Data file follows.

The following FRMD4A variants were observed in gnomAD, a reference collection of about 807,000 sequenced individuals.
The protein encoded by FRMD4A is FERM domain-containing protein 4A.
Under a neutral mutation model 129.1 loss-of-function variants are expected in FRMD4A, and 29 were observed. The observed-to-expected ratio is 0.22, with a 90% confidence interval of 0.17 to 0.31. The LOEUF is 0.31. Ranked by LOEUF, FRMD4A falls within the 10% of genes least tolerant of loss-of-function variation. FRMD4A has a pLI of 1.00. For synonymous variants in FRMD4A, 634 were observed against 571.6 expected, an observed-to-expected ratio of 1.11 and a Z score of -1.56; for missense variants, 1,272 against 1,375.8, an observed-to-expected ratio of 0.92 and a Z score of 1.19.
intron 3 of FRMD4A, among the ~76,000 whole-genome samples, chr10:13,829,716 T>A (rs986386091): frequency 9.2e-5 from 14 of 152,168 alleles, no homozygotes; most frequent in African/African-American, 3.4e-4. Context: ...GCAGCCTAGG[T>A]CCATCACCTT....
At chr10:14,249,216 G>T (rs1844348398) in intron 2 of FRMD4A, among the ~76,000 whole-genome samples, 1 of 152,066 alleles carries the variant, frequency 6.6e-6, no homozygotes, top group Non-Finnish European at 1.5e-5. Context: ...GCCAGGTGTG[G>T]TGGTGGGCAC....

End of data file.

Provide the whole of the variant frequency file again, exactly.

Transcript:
The following FRMD4A variants were observed in gnomAD, a reference collection of about 807,000 sequenced individuals.
The protein encoded by FRMD4A is FERM domain-containing protein 4A.
Under a neutral mutation model 129.1 loss-of-function variants are expected in FRMD4A, and 29 were observed. The observed-to-expected ratio is 0.22, with a 90% confidence interval of 0.17 to 0.31. The LOEUF is 0.31. Ranked by LOEUF, FRMD4A falls within the 10% of genes least tolerant of loss-of-function variation. FRMD4A has a pLI of 1.00. For synonymous variants in FRMD4A, 634 were observed against 571.6 expected, an observed-to-expected ratio of 1.11 and a Z score of -1.56; for missense variants, 1,272 against 1,375.8, an observed-to-expected ratio of 0.92 and a Z score of 1.19.
intron 3 of FRMD4A, among the ~76,000 whole-genome samples, chr10:13,829,716 T>A (rs986386091): frequency 9.2e-5 from 14 of 152,168 alleles, no homozygotes; most frequent in African/African-American, 3.4e-4. Context: ...GCAGCCTAGG[T>A]CCATCACCTT....
At chr10:14,249,216 G>T (rs1844348398) in intron 2 of FRMD4A, among the ~76,000 whole-genome samples, 1 of 152,066 alleles carries the variant, frequency 6.6e-6, no homozygotes, top group Non-Finnish European at 1.5e-5. Context: ...GCCAGGTGTG[G>T]TGGTGGGCAC....